We began by studying the huge volume of publications on Huawei, both in English and in Chinese, that have emerged in recent years. Different commentators advanced many explanations for Huawei’s success, but one of the themes that constantly emerged was the company’s unique capability to change quickly, frequently, and efficiently in response to ever-changing customer needs and a volatile market environment. We decided to embark on a detailed investigation, to understand how Huawei developed such a rare yet powerful organizational capability, even as it grew to become a massive enterprise with several hundred thousand employees all over the world.
To understand this phenomenon, we needed to go far beyond published materials. We planned and carried out a program of face-to-face interviews, conducted in Shenzhen over a period of five weeks, beginning in September 2015, with 15 former senior executives of Huawei, including seven vice presidents, two senior vice presidents, and one executive vice president. Each interview lasted for one and a half to two hours, and centered around the issues related to Huawei’s ability to be fast, flexible, and agile. In particular, we focused on how Huawei is able to reconfigure itself constantly to maintain a match between its internal structure, its resources, and the external environment. During the field trip, with the support of Huawei, we also obtained access to some very important corporate documents that are not public. Through these in-depth interviews and confidential corporate documents, we identified the key building blocks of Huawei’s superfluidity, including its project-based organization, platforms for support service, rotation of management teams, and change-obsessed organizational culture. Delving further into each of these, as the interview program progressed, allowed us to gain detailed insights into why and how Huawei has developed this organizational superfluidity to continually flex with the changing market.
So how does Huawei achieve superfluidity? Four key ingredients go into the mix. First, Huawei is structured primarily around customer needs so as to ensure the customer is at the centre of everything it does. Second, its support functions are built around flexible platforms. Third, its management-level employees are continually rotated between different jobs. Fourth, its culture is one obsessed with maintaining the pace of change. None of these elements alone would be sufficient, because it is the way they continuously interact that results in Huawei’s super-fluid organization.
An Organization Designed Around Customer Needs
Since Henry Ford, manufacturers have typically organized themselves around product lines. The argument was straightforward: manufacturing mostly required dedicated production facilities for each line of products, backed up by a permanent staff with the knowledge, skills, and experience necessary to produce that line of products reliably and efficiently.
Over time, vertically integrated factories evolved into closely coordinated global supply chains that delivered each type of product. The strategic business units (SBUs) that came to oversee them were also focused on a particular set of products. The benefits were focus, scale economies, and accumulated learning, but these benefits came at the cost of flexibility. Customers who wanted changes in the product design, specifications, or functionalities caused headaches, for the simple reason that what they wanted seldom fit the dedicated machinery, skills, systems, and experience that these product-centered organizations had honed to perfection.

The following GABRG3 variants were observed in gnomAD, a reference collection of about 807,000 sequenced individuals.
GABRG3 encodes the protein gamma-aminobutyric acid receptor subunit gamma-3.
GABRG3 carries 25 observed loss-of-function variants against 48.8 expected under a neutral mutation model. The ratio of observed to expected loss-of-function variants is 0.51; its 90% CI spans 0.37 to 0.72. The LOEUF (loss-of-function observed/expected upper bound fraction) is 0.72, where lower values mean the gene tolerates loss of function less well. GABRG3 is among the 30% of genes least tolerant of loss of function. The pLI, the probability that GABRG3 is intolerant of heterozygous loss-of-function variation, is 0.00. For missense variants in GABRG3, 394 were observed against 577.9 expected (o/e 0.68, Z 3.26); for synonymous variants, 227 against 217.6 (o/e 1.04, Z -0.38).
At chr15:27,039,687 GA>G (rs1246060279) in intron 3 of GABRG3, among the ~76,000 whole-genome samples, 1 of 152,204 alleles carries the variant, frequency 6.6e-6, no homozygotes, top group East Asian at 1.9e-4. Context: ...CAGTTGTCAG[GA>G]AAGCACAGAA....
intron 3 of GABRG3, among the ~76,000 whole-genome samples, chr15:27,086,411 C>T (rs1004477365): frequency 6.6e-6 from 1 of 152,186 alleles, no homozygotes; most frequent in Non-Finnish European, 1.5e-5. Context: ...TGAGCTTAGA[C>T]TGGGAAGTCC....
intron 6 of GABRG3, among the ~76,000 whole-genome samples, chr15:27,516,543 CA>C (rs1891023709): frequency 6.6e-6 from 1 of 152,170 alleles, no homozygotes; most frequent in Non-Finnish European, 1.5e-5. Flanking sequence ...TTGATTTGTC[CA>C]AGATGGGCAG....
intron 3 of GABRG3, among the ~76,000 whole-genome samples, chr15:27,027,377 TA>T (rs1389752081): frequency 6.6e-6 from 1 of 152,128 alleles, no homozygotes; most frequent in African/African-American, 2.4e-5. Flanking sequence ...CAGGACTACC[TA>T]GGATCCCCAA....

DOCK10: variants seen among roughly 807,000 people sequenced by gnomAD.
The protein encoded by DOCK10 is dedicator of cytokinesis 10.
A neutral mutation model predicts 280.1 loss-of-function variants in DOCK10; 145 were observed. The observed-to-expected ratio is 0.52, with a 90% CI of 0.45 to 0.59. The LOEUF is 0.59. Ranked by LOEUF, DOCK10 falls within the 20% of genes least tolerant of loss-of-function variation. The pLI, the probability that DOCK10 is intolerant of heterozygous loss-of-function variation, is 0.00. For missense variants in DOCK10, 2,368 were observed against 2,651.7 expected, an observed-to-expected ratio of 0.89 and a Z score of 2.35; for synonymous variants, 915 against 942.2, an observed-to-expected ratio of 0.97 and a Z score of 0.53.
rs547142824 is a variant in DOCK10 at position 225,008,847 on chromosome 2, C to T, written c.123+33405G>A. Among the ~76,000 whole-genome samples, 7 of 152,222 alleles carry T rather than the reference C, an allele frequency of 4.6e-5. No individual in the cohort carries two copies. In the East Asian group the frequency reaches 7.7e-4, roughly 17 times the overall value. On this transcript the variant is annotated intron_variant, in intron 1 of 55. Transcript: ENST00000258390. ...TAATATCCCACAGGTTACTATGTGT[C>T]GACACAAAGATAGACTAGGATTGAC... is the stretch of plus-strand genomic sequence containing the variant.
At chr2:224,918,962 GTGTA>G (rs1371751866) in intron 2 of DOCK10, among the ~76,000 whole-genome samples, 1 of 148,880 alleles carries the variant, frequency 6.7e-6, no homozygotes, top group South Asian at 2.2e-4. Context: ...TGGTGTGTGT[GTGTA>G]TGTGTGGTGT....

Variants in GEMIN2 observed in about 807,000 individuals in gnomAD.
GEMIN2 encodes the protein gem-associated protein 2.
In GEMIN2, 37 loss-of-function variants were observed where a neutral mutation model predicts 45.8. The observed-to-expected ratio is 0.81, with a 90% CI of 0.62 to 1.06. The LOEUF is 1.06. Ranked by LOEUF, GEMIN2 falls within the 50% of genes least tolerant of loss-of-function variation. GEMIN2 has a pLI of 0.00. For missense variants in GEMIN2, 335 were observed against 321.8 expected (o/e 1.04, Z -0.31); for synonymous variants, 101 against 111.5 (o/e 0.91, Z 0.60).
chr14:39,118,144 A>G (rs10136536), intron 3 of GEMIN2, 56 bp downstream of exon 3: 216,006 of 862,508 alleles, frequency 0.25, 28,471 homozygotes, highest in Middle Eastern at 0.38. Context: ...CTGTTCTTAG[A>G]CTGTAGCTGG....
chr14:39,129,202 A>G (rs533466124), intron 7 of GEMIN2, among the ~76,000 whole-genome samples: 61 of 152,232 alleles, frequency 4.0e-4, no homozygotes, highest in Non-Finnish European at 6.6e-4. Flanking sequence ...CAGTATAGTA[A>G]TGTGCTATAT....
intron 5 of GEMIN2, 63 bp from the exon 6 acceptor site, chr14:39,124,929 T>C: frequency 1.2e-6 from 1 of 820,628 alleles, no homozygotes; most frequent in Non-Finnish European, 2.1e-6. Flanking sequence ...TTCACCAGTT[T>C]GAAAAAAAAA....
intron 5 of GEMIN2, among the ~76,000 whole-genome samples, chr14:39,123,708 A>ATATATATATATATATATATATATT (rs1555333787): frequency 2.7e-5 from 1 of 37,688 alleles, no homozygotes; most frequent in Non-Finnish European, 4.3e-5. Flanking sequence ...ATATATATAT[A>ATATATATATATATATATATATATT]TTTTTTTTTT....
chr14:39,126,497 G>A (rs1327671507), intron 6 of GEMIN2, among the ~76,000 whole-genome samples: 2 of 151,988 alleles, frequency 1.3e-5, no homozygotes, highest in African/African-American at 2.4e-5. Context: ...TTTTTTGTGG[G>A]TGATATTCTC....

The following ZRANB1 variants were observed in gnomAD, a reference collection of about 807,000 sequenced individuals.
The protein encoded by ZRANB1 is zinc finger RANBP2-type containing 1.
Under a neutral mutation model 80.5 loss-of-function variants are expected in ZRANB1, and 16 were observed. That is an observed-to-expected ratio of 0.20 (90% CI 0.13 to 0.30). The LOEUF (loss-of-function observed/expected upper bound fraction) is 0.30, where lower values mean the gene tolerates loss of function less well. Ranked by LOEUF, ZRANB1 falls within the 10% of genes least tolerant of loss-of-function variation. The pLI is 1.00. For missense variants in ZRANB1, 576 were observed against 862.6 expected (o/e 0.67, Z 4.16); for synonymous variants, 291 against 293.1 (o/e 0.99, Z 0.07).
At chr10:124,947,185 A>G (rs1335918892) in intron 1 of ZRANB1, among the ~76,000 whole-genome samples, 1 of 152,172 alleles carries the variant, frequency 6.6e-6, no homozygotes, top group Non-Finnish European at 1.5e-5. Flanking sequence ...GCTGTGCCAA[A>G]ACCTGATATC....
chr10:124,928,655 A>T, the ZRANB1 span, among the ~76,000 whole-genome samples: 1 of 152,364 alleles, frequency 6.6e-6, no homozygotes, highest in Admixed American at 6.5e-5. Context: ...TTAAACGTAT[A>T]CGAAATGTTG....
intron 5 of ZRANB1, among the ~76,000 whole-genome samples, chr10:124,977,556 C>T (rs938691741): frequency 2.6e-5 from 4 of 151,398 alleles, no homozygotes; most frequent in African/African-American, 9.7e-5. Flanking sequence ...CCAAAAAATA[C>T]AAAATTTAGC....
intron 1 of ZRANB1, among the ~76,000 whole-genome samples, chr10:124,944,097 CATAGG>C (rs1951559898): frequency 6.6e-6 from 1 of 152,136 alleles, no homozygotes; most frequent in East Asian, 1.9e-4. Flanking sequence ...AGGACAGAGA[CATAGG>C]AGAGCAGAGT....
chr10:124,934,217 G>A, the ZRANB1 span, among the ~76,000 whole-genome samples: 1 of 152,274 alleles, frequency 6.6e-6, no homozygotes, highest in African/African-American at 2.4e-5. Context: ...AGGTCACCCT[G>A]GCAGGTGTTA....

Consequently, when customer needs change significantly, these organizations are often too rigid to be able to respond swiftly and effectively.
Despite being a huge manufacturer of telecom equipment, routers, switches, and smartphones, Huawei has achieved a level of flexibility that is an order of magnitude higher than other product-centered companies. It started with the realization that the best way to satisfy the ever-changing demands of the market is to design and redesign the organization around the evolving needs of its customers. To create and maintain fit between what the company offers and what the market demands, Huawei developed a management practice that sets it apart: to reconfigure its organization regularly whenever required by changing customer needs. The outcome of this practice is a highly flexible and fluid customer need-driven organizational structure.
Unlike other mainstream large companies, Huawei does not have SBUs. Instead, Huawei adopted a hybrid structure, dubbed the “twisted pretzel,” which combines some of the characteristics of an SBU-based organization with functional platforms and regional sales support. Rather than organizing around specific products, Huawei created three broad business groups, each of which was directed at winning in a market against a particular group of competitors. The Telecoms Service Carrier business group focused on the market for telecom equipment, and was in competition with Ericsson and Nokia. The Enterprise group was focused on routers and switches, in competition with Cisco. Finally, the Consumer group, focused on smartphones and other devices, competed with Apple, Samsung, and others.
These broad market groups are supported by three services groups, whose role is to underpin organizational speed, agility, and flexibility. The first services group comprises a set of shared functional platforms including finance, HR, procurement, logistics, and quality control, providing all the support services the three business groups need to respond to changing customer needs. The second services group is a shared geographic sales organization that helps all three business groups connect with clients across the world. The third services group, “Products and Customer Solutions,” brings together Huawei’s R&D activities to provide products and integrated information and communication technology (ICT) solutions for customers of each of the three business groups. The three business groups—Telecoms Service Carrier, Enterprise, and Consumer—therefore form the “filling of a sandwich” between the upstream R&D and product development and functional platform groups, and the downstream regional sales groups, which support all three business groups. Unlike a traditional SBU, the business groups cover a broad range of products and “outsource” many of the key functions to Huawei-wide, shared platforms. This enables the business groups to focus solely on the most crucial activities, including obtaining consumer insights, marketing, brand building, channel management, customer services, and customer relationship management (CRM).